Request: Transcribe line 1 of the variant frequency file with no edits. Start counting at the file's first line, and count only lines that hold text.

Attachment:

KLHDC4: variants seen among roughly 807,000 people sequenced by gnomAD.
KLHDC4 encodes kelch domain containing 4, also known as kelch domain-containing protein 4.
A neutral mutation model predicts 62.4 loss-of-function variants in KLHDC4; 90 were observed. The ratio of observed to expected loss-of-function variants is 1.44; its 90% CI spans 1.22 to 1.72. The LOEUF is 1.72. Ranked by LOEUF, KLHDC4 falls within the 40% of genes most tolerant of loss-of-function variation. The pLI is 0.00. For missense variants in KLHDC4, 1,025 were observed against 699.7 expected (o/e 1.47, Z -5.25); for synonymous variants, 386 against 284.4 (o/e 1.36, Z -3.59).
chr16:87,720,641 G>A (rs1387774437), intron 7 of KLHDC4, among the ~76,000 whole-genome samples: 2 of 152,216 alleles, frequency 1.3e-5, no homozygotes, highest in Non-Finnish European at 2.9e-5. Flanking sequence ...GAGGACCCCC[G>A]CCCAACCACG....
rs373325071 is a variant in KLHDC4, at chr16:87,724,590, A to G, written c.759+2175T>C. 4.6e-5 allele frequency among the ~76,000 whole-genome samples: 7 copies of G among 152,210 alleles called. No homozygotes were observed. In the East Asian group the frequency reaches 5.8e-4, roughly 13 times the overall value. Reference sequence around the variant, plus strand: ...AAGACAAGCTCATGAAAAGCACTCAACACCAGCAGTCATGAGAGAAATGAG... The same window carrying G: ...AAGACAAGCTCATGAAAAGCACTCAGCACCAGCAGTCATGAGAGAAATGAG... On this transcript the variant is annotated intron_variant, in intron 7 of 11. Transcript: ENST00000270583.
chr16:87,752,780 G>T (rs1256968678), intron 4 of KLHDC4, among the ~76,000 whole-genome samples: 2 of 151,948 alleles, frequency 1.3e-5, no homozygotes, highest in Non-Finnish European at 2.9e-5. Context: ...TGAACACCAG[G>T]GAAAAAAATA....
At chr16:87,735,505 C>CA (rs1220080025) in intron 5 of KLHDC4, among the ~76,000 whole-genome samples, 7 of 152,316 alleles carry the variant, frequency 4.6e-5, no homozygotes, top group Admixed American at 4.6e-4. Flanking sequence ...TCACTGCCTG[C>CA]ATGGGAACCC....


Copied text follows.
KLHDC4: variants seen among roughly 807,000 people sequenced by gnomAD.